Verify yourself by phone

It’s not well documented, but one of the most common missed steps when making an account independant is the phone verification. To do this, you must visit this special link which throws you half-way into the standard onboarding flow you would go through with a standalone account. The step requests a phone number capable of receiving calls which only when entered will give you a 4 digit code for you to enter via your phone keypad which verifies you.

Amazon Connect is targetted as a virtual call center solution, but I wanted to determine whether this could be used to automate this phone verification. I had previously created the CloudFormation Provider for Amazon Connect solution which again uses Puppeteer to automate the creation and management of Connect instances as there are no APIs available for this yet.

One thing that Amazon Connect cannot do is execute DTMF tones (that’s the beeping tones you hear when using your keypad) whilst in an IVR flow. What I discovered however is that you could play arbitrary sound prompts by having it invoke a Lambda and determining which predefined prompts to play. The DTMF tones are indeed simply sounds that are interpreted over the line, so this solution is actually viable. The DTMF tone .wav files are publicly available and can be used as prompts in Amazon Connect if uploaded prior.

I use Puppeteer to first create the Amazon Connect instance, register a contact flow, register a phone number and use that phone number in the verification step. The contact flow has a 10 second wait at the start on order to both give the Amazon verification call time to say some generic instructions and also to have Puppeteer read the digits presented on screen and update the Lambda environment to ensure the correct prompt IDs that correlate to the digits are given when the wait time is complete.

As an aside, you don’t have visibility into the call as audio before an agent picks up is not recorded by the Amazon Connect call recording feature. Luckily, when testing this it worked the very first time.

Remove the account from Organizations within the master account

At this point, the hard parts are done and all the prerequisites for removing the account should be met (unless the account was created in the last week). The call to remove the account from the organization is one that has an API call, RemoveAccountFromOrganization, so this is easily automated.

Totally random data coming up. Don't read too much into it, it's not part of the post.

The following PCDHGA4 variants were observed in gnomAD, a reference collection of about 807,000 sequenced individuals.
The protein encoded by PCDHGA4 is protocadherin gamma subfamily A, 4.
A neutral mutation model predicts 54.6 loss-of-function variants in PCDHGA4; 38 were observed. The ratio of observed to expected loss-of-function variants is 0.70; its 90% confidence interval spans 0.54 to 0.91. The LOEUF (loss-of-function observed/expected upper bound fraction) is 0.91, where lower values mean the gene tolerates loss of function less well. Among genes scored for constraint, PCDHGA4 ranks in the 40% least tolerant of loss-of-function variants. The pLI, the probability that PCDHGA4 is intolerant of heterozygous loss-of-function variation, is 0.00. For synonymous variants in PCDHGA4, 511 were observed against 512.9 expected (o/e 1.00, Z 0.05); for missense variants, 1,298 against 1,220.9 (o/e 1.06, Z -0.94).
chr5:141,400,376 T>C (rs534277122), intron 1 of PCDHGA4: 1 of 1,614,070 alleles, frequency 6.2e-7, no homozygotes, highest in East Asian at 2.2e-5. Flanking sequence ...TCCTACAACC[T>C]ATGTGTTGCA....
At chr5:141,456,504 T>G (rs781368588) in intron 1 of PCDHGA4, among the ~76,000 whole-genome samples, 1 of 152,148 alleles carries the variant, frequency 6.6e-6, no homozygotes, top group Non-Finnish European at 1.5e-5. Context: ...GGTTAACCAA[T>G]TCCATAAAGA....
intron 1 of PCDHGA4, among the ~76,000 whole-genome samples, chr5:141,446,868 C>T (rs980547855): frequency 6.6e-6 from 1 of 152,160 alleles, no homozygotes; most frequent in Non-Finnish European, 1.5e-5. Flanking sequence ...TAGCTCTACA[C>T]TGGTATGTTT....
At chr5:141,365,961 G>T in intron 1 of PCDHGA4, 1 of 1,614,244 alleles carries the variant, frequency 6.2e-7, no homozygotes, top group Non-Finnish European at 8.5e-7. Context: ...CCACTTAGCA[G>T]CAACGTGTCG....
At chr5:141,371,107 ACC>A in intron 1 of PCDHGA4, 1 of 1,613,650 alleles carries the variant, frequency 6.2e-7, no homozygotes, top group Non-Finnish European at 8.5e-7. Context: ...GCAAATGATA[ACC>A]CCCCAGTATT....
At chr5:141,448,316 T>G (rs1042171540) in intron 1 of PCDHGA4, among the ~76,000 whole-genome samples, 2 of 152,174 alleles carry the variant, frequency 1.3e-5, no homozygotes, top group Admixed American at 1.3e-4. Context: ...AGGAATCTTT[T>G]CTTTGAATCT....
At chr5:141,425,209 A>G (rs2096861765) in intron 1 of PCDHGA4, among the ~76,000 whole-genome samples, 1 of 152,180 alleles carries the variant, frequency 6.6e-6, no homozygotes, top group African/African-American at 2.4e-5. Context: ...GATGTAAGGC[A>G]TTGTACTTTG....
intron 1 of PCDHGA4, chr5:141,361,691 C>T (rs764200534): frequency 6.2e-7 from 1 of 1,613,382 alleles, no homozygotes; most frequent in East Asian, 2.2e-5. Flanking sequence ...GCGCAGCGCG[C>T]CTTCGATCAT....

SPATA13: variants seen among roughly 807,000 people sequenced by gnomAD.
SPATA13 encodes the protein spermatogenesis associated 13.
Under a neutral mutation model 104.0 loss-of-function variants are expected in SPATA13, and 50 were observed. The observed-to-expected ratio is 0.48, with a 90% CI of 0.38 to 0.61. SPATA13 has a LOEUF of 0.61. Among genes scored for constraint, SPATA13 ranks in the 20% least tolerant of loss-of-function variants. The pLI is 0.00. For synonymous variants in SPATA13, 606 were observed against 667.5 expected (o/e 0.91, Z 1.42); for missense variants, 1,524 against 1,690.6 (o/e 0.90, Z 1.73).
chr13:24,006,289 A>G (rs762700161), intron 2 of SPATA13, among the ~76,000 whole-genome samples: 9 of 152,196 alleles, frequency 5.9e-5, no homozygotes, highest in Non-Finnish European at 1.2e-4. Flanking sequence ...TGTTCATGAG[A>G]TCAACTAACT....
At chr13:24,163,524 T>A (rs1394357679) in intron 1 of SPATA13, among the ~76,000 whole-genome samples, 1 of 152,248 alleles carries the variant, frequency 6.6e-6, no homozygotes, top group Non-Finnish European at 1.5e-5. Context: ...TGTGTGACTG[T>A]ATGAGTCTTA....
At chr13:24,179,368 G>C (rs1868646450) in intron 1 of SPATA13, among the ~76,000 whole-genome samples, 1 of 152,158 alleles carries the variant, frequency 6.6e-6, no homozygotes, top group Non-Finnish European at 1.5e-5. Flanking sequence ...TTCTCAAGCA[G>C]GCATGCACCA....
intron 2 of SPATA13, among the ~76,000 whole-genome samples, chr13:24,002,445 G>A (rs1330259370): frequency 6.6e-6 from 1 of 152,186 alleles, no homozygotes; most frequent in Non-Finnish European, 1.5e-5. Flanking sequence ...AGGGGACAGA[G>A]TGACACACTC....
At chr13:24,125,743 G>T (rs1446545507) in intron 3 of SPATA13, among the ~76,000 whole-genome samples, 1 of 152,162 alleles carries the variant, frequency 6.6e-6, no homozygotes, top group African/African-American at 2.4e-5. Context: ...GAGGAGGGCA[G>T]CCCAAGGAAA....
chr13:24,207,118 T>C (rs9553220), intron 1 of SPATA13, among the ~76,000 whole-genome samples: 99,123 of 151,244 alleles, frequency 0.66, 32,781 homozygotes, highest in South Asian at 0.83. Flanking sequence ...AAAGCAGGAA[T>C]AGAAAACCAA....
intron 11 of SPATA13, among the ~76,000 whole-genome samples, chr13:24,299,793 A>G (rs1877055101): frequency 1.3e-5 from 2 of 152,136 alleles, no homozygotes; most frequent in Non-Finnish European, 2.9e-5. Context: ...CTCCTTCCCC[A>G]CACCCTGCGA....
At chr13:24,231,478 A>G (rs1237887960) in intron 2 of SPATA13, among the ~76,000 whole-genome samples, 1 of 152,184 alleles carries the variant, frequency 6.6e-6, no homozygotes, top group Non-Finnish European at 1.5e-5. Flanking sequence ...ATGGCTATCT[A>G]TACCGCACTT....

Delete the account from the root user of the account

One last time, we need to use the session that is logged in via the root user account and delete the account with Puppeteer. This requires 4 checkboxes and 2 confirmations. Once this is done, the process is complete and the account is fully removed.

The caveats

The caveats with this type of automation are important to note:

  • This almost certainly violates the AWS Terms of Service - AWS could easily justify terminating your account or linked accounts within the organization as a result
  • Accounts that are created within 7 days cannot leave an organization - you will receive an error if you try
  • There is a limit on the amount of accounts permitted to be created per day - I’ve never reached this and tried ~10 account creations in a day
  • There is a limit on the amount of accounts permitted to be created in total - this is also surprisingly low (single digits) by default however I didn’t get any pushback from support when requesting a limit increase for this to 15
  • The payment method being stored is scary - but unfortunately I don’t have a better solution for this (let me know if you have a suggestion)
  • Resource usage still applies - any resource usage between the last billing cycle and the time we terminate the account will go on the billing method that is stored

Trying it yourself

AN IMPORTANT MESSAGE: I don’t actually recommend you do this. This is an experiment to stretch the capabilities of what automation can do and so the solution is probably very dangerous. DO NOT use this with any account linked to a production workload.

I’m still working on releasing an easy-to-use template to consume all of the automation above but when I release it, it will be available here. If you are interested in testing or consuming these templates, please reach out.


It’s unfortunate that AWS hasn’t released functionality to programmatically remove the accounts it allows us to create, so it is my hope that we see some change in this area soon. With some creativity, a lot of things can be automated however automating account deletions in its current state is right at the edge of what is practical.